The Handmaid’s Tale isn’t on this list because it won’t be out until later on this summer. Mindfulness is important to me, so I’m doing my best to wait until the first episode is out before getting excited about it.

Anne with an E

One of the things that always bothered me a little bit about L.M. Montgomery’s  Anne of Green Gables series was how much it brushed over Anne’s difficult childhood. She mentioned some pretty serious moments of child abuse and neglect to her new foster parents, and then the plot pretty much skipped over the trauma of those experiences for her. To be fair, these weren’t things that were discussed in too much depth in children’s books back then, and people living in the 1800s also had a much murkier understanding of how adverse childhood experiences could affect someone years later.

The cool thing about season one of this remake is that it hasn’t been afraid to explore how being abused, neglected, and abandoned by multiple caregivers had a serious emotional impact on Anne. I know some fans have criticized it for being too dark, but I think it’s going to be interesting to see how this more realistic approach to her story affects the person she becomes as she grows up.

I still need to watch season two. I’m so behind on shows!

Brooklyn Nine-Nine

I love the fact that this sitcom has a diverse cast but doesn’t fall back on stereotypes in order to make their jokes or explain who their characters are. All of the main characters and even some of the secondary ones are three-dimensional individuals. They feel like real people, warts and all.  It’s amazing to see how they’ve grown and changed over the years.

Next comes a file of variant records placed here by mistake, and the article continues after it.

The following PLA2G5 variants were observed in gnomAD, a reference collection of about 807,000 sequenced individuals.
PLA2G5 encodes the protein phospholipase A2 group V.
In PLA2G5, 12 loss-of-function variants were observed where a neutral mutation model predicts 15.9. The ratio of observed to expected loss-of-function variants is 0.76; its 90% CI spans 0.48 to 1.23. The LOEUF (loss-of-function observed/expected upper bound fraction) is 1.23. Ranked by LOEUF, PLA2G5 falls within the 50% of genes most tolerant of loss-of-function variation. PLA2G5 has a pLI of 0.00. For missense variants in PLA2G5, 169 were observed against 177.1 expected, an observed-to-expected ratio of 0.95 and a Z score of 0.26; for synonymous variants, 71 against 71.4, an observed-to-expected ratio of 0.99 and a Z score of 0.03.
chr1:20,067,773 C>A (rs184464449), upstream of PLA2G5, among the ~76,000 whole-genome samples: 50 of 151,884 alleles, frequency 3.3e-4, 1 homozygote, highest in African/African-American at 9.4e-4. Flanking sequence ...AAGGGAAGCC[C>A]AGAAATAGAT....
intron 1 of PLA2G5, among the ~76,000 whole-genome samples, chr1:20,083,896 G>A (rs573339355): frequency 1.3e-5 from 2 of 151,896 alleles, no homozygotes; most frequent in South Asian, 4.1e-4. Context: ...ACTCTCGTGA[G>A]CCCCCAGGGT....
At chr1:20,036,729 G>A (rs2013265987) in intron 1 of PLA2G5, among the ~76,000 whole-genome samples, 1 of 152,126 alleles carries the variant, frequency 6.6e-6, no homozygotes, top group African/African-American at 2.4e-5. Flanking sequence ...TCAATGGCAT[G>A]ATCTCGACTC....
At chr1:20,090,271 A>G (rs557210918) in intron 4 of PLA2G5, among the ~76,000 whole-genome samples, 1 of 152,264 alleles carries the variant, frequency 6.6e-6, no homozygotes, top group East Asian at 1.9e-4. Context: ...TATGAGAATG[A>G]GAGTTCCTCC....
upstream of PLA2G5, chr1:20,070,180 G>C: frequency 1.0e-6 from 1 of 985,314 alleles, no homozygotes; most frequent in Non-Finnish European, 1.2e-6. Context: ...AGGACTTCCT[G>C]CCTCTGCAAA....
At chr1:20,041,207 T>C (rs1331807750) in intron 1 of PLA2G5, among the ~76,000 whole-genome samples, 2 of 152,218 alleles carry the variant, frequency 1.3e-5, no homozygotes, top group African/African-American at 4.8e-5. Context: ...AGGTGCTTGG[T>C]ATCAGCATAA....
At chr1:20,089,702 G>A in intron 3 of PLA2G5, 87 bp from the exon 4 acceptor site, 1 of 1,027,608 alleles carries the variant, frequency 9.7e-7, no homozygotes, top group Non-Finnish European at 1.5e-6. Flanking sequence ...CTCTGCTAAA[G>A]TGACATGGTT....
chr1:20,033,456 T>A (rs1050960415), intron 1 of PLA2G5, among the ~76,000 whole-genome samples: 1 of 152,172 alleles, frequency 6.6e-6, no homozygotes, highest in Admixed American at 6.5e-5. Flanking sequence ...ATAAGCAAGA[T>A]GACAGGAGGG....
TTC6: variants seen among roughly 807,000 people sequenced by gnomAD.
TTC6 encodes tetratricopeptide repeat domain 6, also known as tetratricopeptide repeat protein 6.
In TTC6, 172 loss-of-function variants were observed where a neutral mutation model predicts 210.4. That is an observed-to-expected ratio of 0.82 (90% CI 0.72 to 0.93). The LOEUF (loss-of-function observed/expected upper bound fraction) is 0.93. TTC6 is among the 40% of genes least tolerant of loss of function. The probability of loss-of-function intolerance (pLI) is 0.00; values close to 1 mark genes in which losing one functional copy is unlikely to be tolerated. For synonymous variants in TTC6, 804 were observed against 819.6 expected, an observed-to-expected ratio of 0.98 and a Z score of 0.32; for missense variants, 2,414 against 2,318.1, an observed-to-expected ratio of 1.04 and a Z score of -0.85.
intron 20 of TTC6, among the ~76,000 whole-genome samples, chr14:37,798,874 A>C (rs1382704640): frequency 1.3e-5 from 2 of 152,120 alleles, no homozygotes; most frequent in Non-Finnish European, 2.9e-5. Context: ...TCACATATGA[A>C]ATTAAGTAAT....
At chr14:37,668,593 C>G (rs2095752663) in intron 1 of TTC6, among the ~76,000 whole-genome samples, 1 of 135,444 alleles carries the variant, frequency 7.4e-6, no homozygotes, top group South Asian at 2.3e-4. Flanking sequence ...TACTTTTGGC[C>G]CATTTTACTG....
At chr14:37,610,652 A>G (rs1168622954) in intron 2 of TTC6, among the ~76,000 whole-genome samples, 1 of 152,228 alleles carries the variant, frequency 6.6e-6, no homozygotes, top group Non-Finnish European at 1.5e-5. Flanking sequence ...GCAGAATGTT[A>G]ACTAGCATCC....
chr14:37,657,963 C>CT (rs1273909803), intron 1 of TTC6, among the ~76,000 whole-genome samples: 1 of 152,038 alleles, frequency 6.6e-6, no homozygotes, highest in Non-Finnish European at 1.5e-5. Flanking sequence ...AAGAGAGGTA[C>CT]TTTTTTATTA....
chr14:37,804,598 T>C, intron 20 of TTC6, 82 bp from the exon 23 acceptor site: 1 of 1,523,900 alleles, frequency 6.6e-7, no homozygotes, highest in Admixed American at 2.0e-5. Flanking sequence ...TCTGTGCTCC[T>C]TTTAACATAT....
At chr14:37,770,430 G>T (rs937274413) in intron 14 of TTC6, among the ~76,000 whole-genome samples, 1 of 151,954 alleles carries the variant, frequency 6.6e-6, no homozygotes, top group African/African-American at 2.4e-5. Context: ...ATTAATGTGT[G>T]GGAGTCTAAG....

The running jokes are great, too. This isn’t the sort of sitcom I’d recommend watching out of order. There were things that happened in season one that are still being brought up by the characters years later.

Stranger Things

This was the show that taught me that people used to smoke everywhere and let their kids wander all over town without any supervision at all in the 1980s! Yes, I’m mostly joking there, but I was shocked by some of the cultural differences between that era and our own.

On a more serious note, I really like fantasy stories that are set in our world and feel as ordinary as possible. If not for the various supernatural stuff going on in this setting, it could have all really happened to my parents or other relatives who were teens or young adults back then. That’s quite appealing to me.

Black Mirror

I’m brand new to this show. It’s like The Twilight Zone in the sense that each episode is its own self-contained sci-fi or fantasy story. Of the few I’ve seen so far, there doesn’t seem to be crossover between any of them as far as characters or plots go.

I love the creativity of the episodes I have seen. The writers seem to take current trends and extrapolate what they might be like at a distant point in the future or in a version of earth where, say, a parent’s desire to electronically monitor her child is taken to the logical extreme.

I know I’m being vague here, but I really don’t want to give away spoilers. Let’s just say that this is a very thought-provoking program that I’m enjoying so much that I’m even willing to come home from the park early in order to watch it.

The same can be said for the rest of these shows, too. Ha!

Click here to read everyone else’s replies to this week’s question. The image below is the list of upcoming prompts for this blog hop.

Wednesday Weekly Blogging Challenge: Books I Want Youth to Discover

Hosted by Long and Short Reviews. I’d never tell a kid that they must read a specific book. Just because a story was meaningful to me at a certain age doesn’t mean every child or teenager would want to read it then. People grow at different rates, and we obviously all have different interests as… Read More